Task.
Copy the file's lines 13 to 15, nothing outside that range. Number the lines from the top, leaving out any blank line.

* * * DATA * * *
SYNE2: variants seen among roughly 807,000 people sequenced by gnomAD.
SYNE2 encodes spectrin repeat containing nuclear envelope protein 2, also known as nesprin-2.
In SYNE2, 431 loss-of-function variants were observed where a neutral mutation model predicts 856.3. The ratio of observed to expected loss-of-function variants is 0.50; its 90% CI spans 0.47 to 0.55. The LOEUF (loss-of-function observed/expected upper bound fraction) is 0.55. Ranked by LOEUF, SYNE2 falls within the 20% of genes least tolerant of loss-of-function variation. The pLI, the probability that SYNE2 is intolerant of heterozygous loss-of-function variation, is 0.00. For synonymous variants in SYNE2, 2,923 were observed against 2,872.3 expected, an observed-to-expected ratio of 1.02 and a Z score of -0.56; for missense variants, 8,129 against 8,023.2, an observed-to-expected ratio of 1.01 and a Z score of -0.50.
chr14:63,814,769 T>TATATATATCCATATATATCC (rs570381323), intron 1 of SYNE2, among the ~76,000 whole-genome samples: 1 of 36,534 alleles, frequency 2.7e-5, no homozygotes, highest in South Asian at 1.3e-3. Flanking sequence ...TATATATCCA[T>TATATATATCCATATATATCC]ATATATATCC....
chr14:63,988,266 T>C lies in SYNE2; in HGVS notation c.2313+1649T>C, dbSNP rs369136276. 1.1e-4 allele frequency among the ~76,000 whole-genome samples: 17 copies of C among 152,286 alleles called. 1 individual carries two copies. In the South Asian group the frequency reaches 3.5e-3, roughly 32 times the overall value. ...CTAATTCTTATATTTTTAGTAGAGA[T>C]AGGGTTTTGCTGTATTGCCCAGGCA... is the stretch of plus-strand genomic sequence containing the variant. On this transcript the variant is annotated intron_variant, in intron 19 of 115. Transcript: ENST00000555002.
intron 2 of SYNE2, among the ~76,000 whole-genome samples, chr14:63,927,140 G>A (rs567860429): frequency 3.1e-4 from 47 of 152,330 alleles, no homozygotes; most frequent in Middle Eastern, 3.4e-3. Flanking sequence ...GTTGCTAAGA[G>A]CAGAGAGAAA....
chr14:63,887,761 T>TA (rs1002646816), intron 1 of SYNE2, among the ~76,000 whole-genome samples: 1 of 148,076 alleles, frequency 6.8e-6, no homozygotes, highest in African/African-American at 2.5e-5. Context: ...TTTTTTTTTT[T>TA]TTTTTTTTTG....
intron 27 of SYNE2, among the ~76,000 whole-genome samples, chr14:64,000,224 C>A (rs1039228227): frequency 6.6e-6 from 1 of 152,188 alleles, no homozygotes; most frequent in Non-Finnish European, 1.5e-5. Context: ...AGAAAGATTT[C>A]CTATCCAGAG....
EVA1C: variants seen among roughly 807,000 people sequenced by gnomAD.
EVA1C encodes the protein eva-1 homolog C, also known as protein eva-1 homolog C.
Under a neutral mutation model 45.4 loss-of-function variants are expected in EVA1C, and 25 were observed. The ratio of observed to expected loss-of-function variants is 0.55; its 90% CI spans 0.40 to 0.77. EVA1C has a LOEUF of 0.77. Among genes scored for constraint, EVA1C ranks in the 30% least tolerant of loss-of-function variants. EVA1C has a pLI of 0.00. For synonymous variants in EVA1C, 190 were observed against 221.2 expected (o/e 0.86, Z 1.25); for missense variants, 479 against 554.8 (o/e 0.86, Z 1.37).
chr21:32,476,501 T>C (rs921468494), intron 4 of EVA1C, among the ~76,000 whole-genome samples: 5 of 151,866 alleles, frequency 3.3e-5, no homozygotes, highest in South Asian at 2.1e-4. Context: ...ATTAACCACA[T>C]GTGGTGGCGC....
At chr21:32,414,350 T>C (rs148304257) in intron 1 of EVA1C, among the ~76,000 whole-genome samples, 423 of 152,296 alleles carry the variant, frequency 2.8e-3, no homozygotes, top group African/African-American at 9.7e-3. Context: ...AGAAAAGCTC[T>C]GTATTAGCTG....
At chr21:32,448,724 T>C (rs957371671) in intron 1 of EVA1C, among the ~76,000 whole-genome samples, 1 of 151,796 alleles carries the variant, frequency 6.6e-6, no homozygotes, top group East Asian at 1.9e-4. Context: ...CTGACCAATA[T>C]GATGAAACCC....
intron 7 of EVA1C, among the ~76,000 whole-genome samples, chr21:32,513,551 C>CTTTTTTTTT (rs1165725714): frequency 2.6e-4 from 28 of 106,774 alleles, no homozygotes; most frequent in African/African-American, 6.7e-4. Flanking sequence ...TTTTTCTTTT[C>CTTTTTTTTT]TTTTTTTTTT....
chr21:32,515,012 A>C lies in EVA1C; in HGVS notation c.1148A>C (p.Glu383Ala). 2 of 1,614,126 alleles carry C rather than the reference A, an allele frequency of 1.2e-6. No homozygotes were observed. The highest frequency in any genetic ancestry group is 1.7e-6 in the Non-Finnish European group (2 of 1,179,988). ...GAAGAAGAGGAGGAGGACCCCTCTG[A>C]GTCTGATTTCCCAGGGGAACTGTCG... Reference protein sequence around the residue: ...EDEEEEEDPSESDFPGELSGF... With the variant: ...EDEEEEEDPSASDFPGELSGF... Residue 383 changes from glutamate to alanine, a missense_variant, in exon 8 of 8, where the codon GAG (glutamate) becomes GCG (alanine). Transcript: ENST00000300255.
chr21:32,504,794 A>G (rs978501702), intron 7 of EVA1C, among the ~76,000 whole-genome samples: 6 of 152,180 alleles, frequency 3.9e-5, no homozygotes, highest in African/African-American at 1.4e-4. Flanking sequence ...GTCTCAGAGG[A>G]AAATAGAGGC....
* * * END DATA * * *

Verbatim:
At chr21:32,414,350 T>C (rs148304257) in intron 1 of EVA1C, among the ~76,000 whole-genome samples, 423 of 152,296 alleles carry the variant, frequency 2.8e-3, no homozygotes, top group African/African-American at 9.7e-3. Context: ...AGAAAAGCTC[T>C]GTATTAGCTG....
At chr21:32,448,724 T>C (rs957371671) in intron 1 of EVA1C, among the ~76,000 whole-genome samples, 1 of 151,796 alleles carries the variant, frequency 6.6e-6, no homozygotes, top group East Asian at 1.9e-4. Context: ...CTGACCAATA[T>C]GATGAAACCC....
intron 7 of EVA1C, among the ~76,000 whole-genome samples, chr21:32,513,551 C>CTTTTTTTTT (rs1165725714): frequency 2.6e-4 from 28 of 106,774 alleles, no homozygotes; most frequent in African/African-American, 6.7e-4. Flanking sequence ...TTTTTCTTTT[C>CTTTTTTTTT]TTTTTTTTTT....